VASCO, the parent company of DigiNotar, says that the fraudulent certificate for Google’s domains that the certificate authority issued was just one of many such bogus certificates it handed out in recent months, and blamed the growing scandal on an attack on its CA infrastructure.
In a statement responding to stories detailing the use of the fraudulent–but valid–wildcard certificate DigiNotar issued to an unknown third party for Google domains, VASCO officials said that the company became aware of the attack on its CA infrastructure on July 19, which is nine days after the Google certificate was issued. DigiNotar has stopped issuing certificates for the time being while it tries to figure out what happened.
“On July 19th 2011, DigiNotar detected an intrusion into its Certificate
Authority (CA) infrastructure, which resulted in the fraudulent issuance
of public key certificate requests for a number of domains, including
Once it detected the intrusion, DigiNotar has acted in accordance with all relevant rules and procedures,” the statement says.
“At that time, an external security audit concluded that all fraudulently
issued certificates were revoked. Recently, it was discovered that at
least one fraudulent certificate had not been revoked at the time. After being notified by Dutch government organization Govcert,
DigiNotar took immediate action and revoked the fraudulent certificate.”
The discovery of the fradulent Google certificate prompted swift responses from the major browser vendors. By late Monday, both Mozilla and Microsoft had removed DigiNotar from the list of trusted root CAs for their browsers, and Google said that it also was disabling DigiNotar as a trusted root in Chrome. Removing a trusted root CA from a browser is a harsh and unusual action, and shows the level of concern that Google, Mozilla and Microsoft officials have with the situation at DigiNotar. The company, which VASCO acquired in January, is deeply involved in projects with the Dutch government, including one called DigiD that essentially issues electronic IDs or passports to Dutch citizens.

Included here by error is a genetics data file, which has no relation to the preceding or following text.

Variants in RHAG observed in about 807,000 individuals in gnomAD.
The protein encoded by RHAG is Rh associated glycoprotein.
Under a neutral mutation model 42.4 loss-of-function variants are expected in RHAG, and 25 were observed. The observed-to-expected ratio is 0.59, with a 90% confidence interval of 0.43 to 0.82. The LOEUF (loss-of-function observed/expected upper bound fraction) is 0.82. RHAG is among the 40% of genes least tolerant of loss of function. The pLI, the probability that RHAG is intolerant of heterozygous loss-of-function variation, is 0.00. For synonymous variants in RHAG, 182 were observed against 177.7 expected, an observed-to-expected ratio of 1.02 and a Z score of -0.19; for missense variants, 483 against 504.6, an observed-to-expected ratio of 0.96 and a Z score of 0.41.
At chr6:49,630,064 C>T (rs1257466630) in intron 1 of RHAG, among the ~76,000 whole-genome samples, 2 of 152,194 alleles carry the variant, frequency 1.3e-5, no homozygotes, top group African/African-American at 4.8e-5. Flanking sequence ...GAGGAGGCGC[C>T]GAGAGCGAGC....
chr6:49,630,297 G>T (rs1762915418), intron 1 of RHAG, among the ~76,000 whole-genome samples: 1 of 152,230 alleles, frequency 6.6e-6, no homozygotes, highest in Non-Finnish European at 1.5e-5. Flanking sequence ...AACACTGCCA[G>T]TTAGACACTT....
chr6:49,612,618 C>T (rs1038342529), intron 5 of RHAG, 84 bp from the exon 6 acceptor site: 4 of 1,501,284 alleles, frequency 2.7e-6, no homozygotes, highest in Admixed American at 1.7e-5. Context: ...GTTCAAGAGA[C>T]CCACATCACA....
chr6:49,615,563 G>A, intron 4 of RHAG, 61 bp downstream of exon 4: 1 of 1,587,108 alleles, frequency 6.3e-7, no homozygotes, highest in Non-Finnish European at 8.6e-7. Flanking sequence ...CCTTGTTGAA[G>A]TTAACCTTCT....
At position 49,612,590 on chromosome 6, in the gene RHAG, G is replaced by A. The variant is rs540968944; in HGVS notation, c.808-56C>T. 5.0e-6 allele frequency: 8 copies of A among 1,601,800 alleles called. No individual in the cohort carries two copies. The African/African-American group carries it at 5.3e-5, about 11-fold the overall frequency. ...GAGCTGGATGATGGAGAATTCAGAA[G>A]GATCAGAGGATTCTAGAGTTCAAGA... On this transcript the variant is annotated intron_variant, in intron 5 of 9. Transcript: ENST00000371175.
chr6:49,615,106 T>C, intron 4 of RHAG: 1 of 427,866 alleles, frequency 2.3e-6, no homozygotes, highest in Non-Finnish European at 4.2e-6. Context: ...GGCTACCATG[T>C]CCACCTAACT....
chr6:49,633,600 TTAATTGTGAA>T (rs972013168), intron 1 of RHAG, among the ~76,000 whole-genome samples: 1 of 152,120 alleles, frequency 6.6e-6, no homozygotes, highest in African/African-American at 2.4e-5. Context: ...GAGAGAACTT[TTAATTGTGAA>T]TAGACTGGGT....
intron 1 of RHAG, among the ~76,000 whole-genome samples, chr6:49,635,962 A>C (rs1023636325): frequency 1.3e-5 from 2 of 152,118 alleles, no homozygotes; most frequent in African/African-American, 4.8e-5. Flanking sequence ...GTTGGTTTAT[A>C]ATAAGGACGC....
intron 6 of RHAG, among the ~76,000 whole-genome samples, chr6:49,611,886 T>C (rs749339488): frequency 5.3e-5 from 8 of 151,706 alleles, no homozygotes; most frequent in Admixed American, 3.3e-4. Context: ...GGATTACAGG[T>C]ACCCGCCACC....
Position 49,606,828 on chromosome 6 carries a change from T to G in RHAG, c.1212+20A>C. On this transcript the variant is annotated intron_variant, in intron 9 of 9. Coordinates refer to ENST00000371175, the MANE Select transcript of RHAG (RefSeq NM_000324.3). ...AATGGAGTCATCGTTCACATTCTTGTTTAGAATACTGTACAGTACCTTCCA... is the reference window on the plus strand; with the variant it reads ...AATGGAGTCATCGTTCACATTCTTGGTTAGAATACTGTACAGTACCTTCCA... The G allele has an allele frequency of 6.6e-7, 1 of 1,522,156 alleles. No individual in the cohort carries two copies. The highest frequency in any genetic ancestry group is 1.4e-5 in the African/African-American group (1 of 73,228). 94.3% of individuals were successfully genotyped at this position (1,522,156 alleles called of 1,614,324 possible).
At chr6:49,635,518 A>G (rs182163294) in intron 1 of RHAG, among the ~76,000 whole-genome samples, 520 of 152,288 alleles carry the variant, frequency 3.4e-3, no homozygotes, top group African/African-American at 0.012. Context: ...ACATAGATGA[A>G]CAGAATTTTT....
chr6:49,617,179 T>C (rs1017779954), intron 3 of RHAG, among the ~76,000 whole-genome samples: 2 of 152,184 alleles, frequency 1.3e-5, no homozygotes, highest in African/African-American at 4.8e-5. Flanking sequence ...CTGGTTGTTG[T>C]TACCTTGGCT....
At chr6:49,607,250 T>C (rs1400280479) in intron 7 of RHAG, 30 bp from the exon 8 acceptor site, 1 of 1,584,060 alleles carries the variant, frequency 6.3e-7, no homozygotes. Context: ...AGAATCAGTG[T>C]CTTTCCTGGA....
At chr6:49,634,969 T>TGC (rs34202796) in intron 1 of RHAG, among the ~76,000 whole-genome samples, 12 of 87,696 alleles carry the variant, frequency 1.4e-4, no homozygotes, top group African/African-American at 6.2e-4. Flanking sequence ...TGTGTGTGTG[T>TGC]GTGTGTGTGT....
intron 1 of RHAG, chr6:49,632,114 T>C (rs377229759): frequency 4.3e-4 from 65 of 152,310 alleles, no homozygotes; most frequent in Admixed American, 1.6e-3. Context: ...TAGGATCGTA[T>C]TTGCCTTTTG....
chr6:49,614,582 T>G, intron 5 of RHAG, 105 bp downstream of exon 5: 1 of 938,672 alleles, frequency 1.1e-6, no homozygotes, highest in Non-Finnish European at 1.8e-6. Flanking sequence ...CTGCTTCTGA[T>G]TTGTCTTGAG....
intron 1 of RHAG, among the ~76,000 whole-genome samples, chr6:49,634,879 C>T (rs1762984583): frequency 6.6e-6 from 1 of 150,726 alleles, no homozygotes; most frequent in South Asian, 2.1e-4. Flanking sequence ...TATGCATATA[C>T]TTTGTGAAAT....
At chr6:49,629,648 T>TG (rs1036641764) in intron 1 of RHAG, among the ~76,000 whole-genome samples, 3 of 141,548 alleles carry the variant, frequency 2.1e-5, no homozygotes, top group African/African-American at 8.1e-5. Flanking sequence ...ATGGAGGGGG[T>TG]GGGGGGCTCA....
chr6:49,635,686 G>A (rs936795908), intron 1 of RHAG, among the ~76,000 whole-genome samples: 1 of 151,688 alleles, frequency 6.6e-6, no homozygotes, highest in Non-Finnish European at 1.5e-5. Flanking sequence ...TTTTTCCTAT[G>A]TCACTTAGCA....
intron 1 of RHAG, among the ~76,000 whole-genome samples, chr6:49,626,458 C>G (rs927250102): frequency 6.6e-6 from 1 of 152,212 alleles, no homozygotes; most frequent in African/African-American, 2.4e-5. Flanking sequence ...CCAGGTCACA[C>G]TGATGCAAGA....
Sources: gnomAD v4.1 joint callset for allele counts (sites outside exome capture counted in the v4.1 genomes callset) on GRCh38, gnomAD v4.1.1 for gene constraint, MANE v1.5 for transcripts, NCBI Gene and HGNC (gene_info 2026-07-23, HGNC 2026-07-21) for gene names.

The attack on DigiNotar specifically targeted the company’s infrastructure for issuing SSL certificates and EVSSL (Extended Validation SSL) certificates, which are specialized certificates that require a higher level of investigation and validation of the recipient’s identity. EVSSL certificates are designed to provide users with a higher level of trust in the identity of the sites that are presenting them, but they don’t actually provide any more security than a normal SSL certificate.
As a result of the compromise of its infrastructure, DigiNotar is no longer issuing either form of SSL certificate for now.
“The company will take every possible precaution to secure its SSL and
EVSSL certificate offering, including temporarily suspending the sale
of its SSL and EVSSL certificate offerings. The company will only
restart its SSL and EVSSL certificate activities after thorough
additional security audits by third party organizations,” the Vasco statement says.
As they did at the time of the attack on Comodo in March, privacy advocates and security experts are using the DigiNotar attack to point out what’s wrong with the CA infrastructure as a whole. The way that the CA system is designed allows any root CA to issue a certificate for any domain, and it is left up to the issuing CA to verify that the person or company applying for the certificate is who they claim. That process is completely opaque to users, who simply rely on the list of trusted roots built into their browsers to tell them which certificates are valid and which shouldn’t be trusted.
But, as the Comodo and DigiNotar attacks show, that process can be compromised, resulting in serious consequences for users around the world.
“The certificate authority system was created decades ago in an era
when the biggest on-line security concern was thought to be protecting
users from having their credit card numbers intercepted by petty
criminals. Today Internet users rely on this system to protect their
privacy against nation-states. We doubt it can bear this burden,” wrote Electronic Frontier Foundation staffers Seth Schoen and Eva Galperin in a blog post.
“Certificate authorities have been caught issuing fraudulent certificates
in at least half a dozen high-profile cases in the past two years and
EFF has voiced concerns
that the problem may be even more widespread. But this is the first
time that a fake certificate is known to have been successfully used in
the wild. Even worse, the certificate in this attack was issued on July
10th 2011, almost two months ago, and may well have been used to spy on
an unknown number of Internet users in Iran from the moment of its
issuance until it was revoked earlier today. To be effective, fraudulent
certificates do not need to have been issued by the same authority that
issued the legitimate certificates. For example, the certificate in
question here was issued by a Dutch certificate authority with which
Google had no business relationship at all; that didn’t make it any less
acceptable to web browsers.”